2) Carrier now has one screw that goes all the way through instead of one on each side. No more alignment issues like I had.
3) He had no trouble sliding in the bolt after the carrier was mounted. I had to dismount mine and insert the bolt first.
4) He also preassembled the lower tang to the hammer. That made installation easier. I noticed that he had a coil spring for the hammer. Mine was a flat spring.
5) Gate was installed almost last. The gate was one of the first things I installed.
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Old January 2, 2015, 11:01 PM   #2
Slopemeno
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Old January 12, 2015, 04:03 PM   #3
Peter M. Eick
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Gary,

How does that 38/55 shoot?

I have always wanted one (a 38/55 that is) just to play with so I am very envious of yours!

Lets us know how it works out.
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Old January 12, 2015, 05:23 PM   #4
AKexpat
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When I lived in Alaska, a good friend had a '94 in 38-55. I was always envious at that .40 cal rifle as my 1894 was in .25-35 w/ 24" octagon barrel and full-length magazine (my grandfather won it in a punch card game way back: it was manufactured about 1919). It was very accurate but I always thought it was a very anemic caliber. I reloaded for it because ammo was very hard to obtain. Sold it in 2007 for a very nice price.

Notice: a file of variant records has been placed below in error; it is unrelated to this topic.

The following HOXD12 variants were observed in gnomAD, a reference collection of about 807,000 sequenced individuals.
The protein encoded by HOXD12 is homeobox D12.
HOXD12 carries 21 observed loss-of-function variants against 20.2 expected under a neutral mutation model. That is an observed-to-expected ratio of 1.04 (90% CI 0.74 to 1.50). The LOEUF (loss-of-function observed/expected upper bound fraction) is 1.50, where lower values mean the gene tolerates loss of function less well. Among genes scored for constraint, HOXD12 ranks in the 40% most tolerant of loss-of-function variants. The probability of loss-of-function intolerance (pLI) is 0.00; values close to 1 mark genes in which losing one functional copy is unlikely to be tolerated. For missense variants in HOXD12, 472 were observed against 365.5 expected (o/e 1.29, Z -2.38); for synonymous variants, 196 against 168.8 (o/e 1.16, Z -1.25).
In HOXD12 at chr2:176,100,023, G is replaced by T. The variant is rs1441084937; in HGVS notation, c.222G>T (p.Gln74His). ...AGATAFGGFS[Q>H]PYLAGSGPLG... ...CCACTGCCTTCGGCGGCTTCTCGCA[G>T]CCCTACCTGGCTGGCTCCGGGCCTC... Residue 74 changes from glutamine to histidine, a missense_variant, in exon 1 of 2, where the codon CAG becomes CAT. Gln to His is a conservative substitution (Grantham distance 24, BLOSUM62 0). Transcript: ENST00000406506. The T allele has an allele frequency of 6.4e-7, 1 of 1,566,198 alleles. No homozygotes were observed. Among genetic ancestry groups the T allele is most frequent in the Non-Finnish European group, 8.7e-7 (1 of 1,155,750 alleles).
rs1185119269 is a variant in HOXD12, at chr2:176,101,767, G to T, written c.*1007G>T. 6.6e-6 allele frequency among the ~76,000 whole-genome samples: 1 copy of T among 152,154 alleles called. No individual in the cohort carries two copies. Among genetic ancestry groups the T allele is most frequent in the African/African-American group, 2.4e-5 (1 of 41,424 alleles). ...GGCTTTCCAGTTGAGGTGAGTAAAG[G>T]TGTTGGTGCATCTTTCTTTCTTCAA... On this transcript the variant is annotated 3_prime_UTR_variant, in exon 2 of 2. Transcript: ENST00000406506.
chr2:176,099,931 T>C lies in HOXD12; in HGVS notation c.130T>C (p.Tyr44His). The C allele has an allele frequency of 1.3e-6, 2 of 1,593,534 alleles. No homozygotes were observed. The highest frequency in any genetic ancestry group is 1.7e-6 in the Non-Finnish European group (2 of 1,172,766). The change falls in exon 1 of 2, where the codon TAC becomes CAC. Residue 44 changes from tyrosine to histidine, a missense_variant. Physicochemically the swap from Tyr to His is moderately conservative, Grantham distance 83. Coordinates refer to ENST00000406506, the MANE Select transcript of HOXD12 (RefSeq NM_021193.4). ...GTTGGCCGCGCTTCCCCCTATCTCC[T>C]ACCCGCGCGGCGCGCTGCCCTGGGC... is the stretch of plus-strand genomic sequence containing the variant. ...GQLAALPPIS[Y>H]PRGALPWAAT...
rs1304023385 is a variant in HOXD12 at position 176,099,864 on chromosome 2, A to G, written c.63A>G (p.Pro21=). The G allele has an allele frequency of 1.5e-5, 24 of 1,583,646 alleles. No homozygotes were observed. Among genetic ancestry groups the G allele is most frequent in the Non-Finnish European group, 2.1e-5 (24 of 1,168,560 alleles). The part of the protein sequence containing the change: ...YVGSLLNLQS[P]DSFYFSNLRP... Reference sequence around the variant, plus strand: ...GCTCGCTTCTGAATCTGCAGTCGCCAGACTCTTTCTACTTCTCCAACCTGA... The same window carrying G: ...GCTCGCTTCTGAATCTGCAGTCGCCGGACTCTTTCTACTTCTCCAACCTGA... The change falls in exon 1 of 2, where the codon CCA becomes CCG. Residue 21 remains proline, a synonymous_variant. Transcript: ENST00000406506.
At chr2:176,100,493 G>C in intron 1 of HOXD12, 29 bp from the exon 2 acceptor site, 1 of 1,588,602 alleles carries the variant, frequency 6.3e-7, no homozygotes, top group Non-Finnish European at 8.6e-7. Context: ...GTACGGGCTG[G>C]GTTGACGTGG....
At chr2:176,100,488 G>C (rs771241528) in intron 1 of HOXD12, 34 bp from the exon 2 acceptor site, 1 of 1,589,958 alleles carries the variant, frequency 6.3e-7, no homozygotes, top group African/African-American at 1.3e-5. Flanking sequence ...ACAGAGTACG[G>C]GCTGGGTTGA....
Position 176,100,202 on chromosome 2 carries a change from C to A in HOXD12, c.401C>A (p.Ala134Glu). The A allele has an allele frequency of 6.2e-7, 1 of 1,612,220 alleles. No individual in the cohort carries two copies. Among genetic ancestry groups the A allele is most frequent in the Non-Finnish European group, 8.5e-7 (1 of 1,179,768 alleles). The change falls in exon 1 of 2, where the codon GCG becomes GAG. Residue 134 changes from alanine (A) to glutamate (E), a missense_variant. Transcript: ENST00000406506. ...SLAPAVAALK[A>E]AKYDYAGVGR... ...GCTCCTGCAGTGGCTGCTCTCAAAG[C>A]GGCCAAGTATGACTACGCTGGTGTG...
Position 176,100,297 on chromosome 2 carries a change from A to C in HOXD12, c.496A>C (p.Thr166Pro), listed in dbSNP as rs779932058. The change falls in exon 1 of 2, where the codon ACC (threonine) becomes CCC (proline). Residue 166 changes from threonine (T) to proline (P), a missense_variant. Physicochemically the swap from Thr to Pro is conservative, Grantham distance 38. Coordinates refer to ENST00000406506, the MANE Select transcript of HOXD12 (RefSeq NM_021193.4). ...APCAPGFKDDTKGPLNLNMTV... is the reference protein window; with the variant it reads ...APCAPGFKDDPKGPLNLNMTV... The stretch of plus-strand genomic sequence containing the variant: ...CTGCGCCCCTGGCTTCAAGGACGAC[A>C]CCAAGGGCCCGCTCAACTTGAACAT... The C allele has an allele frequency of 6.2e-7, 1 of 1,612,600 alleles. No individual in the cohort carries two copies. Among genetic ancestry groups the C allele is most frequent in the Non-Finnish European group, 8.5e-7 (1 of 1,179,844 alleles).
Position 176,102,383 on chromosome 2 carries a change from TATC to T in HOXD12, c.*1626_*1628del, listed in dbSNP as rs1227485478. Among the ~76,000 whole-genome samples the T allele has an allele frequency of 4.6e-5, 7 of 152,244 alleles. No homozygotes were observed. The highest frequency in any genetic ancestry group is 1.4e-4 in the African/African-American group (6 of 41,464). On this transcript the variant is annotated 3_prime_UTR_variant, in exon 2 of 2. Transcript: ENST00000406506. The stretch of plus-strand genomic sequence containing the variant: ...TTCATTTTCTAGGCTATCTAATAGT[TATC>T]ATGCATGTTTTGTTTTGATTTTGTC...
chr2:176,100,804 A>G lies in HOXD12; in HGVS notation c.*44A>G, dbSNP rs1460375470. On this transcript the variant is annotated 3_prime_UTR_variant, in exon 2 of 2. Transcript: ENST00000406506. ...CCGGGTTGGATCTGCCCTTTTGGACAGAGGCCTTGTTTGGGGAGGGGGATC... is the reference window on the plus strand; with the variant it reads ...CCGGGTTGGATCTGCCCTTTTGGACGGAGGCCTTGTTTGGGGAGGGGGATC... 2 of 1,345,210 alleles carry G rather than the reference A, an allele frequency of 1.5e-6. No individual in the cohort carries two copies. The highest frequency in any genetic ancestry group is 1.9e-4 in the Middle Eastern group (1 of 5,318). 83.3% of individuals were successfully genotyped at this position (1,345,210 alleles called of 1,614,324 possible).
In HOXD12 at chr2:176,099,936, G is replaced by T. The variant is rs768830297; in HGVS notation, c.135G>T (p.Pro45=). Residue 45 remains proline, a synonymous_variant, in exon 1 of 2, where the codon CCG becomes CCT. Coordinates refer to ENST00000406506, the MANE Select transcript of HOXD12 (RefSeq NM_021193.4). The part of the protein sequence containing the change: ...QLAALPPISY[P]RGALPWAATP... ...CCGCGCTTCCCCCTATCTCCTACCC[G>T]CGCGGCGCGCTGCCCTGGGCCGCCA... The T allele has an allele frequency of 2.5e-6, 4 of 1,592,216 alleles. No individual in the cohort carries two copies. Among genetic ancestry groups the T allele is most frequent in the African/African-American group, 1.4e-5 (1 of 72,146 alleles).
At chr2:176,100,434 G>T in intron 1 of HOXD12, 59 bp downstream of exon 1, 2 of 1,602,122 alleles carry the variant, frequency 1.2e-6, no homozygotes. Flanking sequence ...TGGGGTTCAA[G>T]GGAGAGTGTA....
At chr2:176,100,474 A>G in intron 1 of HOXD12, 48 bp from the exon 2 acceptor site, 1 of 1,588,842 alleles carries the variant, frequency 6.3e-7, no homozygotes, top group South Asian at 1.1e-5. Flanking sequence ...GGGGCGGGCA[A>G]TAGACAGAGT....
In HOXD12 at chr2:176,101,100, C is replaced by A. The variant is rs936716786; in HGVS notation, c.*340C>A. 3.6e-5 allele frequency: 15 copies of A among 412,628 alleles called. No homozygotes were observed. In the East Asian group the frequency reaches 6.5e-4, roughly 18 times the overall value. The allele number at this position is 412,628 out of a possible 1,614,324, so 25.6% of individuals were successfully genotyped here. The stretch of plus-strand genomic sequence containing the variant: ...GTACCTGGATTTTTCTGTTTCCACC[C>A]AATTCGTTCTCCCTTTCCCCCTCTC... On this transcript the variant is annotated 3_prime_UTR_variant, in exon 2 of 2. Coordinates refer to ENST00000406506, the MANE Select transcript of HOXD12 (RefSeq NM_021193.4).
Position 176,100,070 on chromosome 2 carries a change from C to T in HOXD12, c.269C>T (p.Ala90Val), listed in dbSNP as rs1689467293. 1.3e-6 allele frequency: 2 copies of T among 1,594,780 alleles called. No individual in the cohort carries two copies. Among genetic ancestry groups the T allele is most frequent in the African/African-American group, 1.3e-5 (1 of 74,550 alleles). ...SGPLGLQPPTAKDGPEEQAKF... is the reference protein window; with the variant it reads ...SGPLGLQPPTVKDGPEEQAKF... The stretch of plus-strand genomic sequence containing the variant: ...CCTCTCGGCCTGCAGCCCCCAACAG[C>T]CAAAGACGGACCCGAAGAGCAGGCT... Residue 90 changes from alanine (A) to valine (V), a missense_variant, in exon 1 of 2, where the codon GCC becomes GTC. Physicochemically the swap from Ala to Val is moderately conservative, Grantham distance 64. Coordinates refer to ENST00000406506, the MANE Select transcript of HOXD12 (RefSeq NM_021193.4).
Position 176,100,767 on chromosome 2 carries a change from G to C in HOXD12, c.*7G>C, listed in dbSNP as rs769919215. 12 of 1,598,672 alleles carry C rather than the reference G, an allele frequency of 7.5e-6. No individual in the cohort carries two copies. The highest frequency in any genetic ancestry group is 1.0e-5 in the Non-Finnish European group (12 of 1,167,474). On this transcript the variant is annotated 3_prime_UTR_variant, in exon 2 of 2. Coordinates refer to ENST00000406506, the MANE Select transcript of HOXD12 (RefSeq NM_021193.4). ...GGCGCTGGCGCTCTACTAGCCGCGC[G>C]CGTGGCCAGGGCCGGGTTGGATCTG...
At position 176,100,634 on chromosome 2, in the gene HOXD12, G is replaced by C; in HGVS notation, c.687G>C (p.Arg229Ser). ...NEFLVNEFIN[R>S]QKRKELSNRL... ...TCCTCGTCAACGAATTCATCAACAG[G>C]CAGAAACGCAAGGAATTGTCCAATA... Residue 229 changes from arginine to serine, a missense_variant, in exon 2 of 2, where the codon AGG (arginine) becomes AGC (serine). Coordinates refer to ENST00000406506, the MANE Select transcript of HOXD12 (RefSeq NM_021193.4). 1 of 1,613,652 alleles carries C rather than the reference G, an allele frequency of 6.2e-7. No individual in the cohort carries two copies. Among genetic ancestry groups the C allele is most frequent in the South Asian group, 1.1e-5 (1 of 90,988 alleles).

Good luck with your re-assembly. I always liked Marlins better, too!
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Old January 13, 2015, 08:15 PM   #5
4V50 Gary
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Peter. The 94 belongs to Francisco's Fort Museum. I didn't have permission to shoot it.
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Old January 14, 2015, 02:07 PM   #6
Peter M. Eick
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Bummer...

I keep thinking I should buy a 94 38/55 just for the fun of it. While I consider a 375 Big Bore, I would prefer a classic old 94 rifle in the caliber. It would have been fun to hear how it shot and handled.

Thanks for cleaning that one up and taking care of it for them.
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Old January 14, 2015, 02:57 PM   #7
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I have an old 94 and a newer "cowboy" Marlin in 38/55 and the cartridge is a fun one. I load them with lead and jacketed but while fun and accurate, they are not too impressive as a hunting round. I think the speed of the bullet might be part of the problem as they are pretty anemic compared to more modern calibers. I shot a pretty nice buck this year with the Marlin, using a Hornady jacketed 225 gr. bullet, and hit it right where I like to get them in the neck. I ended up having to give it another round through the body to stop it completely. I love shooting the caliber but it sure doesn't seem to do much damage to a deer.